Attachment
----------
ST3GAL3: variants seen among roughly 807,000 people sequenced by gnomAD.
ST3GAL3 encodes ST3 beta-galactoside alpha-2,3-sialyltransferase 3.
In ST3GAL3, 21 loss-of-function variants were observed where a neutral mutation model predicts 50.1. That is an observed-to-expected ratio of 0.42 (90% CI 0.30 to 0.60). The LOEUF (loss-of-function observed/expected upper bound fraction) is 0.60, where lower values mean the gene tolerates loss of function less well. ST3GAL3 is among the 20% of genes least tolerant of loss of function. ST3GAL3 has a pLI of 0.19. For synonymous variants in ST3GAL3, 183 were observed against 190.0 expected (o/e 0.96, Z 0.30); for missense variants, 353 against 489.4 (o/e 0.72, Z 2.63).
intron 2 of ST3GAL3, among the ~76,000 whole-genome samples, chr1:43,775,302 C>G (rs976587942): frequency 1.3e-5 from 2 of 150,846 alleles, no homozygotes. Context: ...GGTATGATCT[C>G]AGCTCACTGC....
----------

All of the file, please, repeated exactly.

ST3GAL3: variants seen among roughly 807,000 people sequenced by gnomAD.
ST3GAL3 encodes ST3 beta-galactoside alpha-2,3-sialyltransferase 3.
In ST3GAL3, 21 loss-of-function variants were observed where a neutral mutation model predicts 50.1. That is an observed-to-expected ratio of 0.42 (90% CI 0.30 to 0.60). The LOEUF (loss-of-function observed/expected upper bound fraction) is 0.60, where lower values mean the gene tolerates loss of function less well. ST3GAL3 is among the 20% of genes least tolerant of loss of function. ST3GAL3 has a pLI of 0.19. For synonymous variants in ST3GAL3, 183 were observed against 190.0 expected (o/e 0.96, Z 0.30); for missense variants, 353 against 489.4 (o/e 0.72, Z 2.63).
intron 2 of ST3GAL3, among the ~76,000 whole-genome samples, chr1:43,775,302 C>G (rs976587942): frequency 1.3e-5 from 2 of 150,846 alleles, no homozygotes. Context: ...GGTATGATCT[C>G]AGCTCACTGC....